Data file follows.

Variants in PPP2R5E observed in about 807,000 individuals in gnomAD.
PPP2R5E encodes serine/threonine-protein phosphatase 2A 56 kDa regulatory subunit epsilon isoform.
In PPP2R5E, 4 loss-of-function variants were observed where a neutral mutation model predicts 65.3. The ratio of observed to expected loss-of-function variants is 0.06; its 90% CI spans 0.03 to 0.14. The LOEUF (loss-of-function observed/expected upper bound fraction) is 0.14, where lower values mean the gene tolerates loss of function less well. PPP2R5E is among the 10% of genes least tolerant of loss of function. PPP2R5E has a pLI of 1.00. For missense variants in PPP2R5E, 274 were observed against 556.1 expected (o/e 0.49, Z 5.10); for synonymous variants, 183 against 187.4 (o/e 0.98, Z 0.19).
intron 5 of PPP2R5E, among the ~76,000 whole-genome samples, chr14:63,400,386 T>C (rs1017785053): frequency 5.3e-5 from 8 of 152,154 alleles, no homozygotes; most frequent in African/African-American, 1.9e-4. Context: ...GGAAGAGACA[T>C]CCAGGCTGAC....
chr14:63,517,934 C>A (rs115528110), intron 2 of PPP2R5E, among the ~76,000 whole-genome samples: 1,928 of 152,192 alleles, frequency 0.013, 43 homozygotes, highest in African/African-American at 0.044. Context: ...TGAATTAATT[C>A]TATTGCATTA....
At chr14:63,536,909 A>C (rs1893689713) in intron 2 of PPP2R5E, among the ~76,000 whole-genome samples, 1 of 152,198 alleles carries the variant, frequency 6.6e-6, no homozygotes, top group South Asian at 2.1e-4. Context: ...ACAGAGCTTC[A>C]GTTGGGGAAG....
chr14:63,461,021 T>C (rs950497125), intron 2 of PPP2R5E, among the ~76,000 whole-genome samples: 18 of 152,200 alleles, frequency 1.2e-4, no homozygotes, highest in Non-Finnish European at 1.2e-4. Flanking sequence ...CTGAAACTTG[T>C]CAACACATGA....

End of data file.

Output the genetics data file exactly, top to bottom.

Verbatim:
Variants in PPP2R5E observed in about 807,000 individuals in gnomAD.
PPP2R5E encodes serine/threonine-protein phosphatase 2A 56 kDa regulatory subunit epsilon isoform.
In PPP2R5E, 4 loss-of-function variants were observed where a neutral mutation model predicts 65.3. The ratio of observed to expected loss-of-function variants is 0.06; its 90% CI spans 0.03 to 0.14. The LOEUF (loss-of-function observed/expected upper bound fraction) is 0.14, where lower values mean the gene tolerates loss of function less well. PPP2R5E is among the 10% of genes least tolerant of loss of function. PPP2R5E has a pLI of 1.00. For missense variants in PPP2R5E, 274 were observed against 556.1 expected (o/e 0.49, Z 5.10); for synonymous variants, 183 against 187.4 (o/e 0.98, Z 0.19).
intron 5 of PPP2R5E, among the ~76,000 whole-genome samples, chr14:63,400,386 T>C (rs1017785053): frequency 5.3e-5 from 8 of 152,154 alleles, no homozygotes; most frequent in African/African-American, 1.9e-4. Context: ...GGAAGAGACA[T>C]CCAGGCTGAC....
chr14:63,517,934 C>A (rs115528110), intron 2 of PPP2R5E, among the ~76,000 whole-genome samples: 1,928 of 152,192 alleles, frequency 0.013, 43 homozygotes, highest in African/African-American at 0.044. Context: ...TGAATTAATT[C>A]TATTGCATTA....
At chr14:63,536,909 A>C (rs1893689713) in intron 2 of PPP2R5E, among the ~76,000 whole-genome samples, 1 of 152,198 alleles carries the variant, frequency 6.6e-6, no homozygotes, top group South Asian at 2.1e-4. Context: ...ACAGAGCTTC[A>C]GTTGGGGAAG....
chr14:63,461,021 T>C (rs950497125), intron 2 of PPP2R5E, among the ~76,000 whole-genome samples: 18 of 152,200 alleles, frequency 1.2e-4, no homozygotes, highest in Non-Finnish European at 1.2e-4. Flanking sequence ...CTGAAACTTG[T>C]CAACACATGA....